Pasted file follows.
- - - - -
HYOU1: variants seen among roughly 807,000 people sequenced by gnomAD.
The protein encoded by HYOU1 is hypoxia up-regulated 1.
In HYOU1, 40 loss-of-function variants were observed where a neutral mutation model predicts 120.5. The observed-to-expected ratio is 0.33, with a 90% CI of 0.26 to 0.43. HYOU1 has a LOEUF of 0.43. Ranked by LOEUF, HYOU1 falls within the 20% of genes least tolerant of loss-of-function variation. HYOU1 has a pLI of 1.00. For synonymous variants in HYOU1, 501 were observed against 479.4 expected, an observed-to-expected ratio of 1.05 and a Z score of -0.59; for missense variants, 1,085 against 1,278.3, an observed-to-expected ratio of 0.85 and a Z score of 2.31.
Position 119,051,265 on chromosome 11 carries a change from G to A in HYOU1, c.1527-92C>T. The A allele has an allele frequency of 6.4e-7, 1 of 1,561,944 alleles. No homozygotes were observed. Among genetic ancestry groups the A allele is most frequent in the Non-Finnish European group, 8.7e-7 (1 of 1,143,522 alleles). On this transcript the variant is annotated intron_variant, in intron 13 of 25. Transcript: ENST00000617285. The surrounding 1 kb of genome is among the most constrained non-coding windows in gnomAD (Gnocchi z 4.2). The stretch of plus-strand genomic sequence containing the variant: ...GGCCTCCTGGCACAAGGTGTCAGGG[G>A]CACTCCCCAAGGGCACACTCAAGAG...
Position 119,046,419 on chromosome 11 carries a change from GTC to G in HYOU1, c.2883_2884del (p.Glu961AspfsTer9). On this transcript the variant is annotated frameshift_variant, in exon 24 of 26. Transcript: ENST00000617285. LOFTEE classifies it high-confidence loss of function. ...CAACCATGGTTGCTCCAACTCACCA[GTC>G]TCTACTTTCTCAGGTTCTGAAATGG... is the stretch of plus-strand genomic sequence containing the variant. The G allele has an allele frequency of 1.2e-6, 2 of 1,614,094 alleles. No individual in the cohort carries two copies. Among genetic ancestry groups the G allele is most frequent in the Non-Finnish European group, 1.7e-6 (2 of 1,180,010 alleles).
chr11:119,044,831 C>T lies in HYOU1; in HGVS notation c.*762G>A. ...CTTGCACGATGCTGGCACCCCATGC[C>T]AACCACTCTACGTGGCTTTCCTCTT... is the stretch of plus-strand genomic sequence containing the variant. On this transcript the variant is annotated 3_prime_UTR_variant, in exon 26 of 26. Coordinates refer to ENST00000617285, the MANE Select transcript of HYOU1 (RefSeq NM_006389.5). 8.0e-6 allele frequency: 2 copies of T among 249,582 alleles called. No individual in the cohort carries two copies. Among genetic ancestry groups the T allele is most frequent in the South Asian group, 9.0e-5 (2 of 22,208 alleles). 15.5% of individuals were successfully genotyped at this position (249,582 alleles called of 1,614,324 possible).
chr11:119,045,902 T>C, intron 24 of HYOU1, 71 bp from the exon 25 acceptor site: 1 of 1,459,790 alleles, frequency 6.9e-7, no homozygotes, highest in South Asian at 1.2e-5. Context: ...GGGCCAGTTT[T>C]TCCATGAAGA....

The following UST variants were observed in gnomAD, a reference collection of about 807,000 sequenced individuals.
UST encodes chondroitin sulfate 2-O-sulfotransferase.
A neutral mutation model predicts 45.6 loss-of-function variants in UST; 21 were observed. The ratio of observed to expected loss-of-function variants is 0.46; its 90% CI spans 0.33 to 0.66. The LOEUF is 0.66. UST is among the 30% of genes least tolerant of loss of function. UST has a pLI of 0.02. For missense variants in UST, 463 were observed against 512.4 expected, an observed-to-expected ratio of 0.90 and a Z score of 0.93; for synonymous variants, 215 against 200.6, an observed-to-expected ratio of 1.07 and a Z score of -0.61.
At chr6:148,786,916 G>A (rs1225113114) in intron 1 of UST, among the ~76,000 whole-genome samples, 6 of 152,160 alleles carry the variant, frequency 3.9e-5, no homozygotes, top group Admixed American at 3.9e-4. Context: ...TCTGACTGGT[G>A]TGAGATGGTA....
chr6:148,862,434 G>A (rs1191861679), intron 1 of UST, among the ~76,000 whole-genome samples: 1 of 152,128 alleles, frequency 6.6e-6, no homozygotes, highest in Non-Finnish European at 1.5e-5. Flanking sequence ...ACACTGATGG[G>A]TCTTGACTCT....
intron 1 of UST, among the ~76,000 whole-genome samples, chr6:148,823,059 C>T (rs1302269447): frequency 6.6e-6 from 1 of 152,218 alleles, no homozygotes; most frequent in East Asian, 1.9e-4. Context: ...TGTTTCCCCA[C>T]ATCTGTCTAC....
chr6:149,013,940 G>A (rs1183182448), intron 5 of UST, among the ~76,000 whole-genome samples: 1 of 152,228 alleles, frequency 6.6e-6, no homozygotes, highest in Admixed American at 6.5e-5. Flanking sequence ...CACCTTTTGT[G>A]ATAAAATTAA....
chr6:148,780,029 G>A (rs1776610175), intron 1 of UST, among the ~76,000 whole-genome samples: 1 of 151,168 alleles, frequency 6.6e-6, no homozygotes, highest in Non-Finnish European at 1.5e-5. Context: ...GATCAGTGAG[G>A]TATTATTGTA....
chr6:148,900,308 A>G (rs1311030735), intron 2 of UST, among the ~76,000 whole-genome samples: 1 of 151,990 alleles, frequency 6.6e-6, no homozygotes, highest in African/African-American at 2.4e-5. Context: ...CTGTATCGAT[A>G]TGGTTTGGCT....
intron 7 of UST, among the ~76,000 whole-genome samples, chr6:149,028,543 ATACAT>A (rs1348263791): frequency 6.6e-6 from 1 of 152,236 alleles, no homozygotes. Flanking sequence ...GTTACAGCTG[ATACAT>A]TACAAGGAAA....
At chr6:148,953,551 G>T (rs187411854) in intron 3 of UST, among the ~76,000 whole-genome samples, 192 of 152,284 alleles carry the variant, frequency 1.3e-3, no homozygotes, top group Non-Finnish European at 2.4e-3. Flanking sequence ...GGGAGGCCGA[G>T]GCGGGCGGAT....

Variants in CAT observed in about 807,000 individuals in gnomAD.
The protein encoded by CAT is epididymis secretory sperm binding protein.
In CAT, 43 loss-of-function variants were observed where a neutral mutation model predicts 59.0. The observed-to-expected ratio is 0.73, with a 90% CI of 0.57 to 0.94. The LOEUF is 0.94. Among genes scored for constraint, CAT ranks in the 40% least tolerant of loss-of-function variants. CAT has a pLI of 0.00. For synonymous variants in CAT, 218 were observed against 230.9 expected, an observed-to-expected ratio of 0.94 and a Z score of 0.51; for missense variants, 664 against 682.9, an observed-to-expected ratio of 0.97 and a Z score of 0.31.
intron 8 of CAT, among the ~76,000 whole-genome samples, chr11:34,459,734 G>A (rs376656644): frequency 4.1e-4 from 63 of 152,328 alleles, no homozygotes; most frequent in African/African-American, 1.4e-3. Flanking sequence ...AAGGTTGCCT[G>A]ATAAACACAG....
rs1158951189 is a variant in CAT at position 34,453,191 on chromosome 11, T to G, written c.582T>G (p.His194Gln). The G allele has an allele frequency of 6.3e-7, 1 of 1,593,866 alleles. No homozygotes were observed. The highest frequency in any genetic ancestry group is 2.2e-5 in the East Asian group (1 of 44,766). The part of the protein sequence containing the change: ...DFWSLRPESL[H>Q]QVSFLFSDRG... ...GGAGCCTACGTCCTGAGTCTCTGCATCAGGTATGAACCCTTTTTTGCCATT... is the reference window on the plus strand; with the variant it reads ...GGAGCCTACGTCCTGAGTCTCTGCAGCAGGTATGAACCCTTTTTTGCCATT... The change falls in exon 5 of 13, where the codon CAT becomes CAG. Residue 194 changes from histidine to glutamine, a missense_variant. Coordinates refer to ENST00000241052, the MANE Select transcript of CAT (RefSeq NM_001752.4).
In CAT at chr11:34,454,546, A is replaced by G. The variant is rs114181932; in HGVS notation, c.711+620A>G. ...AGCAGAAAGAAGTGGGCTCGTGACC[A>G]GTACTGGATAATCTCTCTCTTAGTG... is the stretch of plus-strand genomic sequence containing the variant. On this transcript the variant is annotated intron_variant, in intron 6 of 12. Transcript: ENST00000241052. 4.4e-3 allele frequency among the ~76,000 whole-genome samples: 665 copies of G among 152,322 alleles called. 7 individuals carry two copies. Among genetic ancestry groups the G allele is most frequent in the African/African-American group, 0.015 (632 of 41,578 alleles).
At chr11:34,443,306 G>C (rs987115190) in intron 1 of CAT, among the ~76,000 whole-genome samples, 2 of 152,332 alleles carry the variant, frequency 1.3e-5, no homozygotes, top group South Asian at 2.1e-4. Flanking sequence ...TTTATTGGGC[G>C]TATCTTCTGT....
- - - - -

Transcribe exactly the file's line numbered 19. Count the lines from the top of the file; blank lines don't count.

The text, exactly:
Variants in CAT observed in about 807,000 individuals in gnomAD.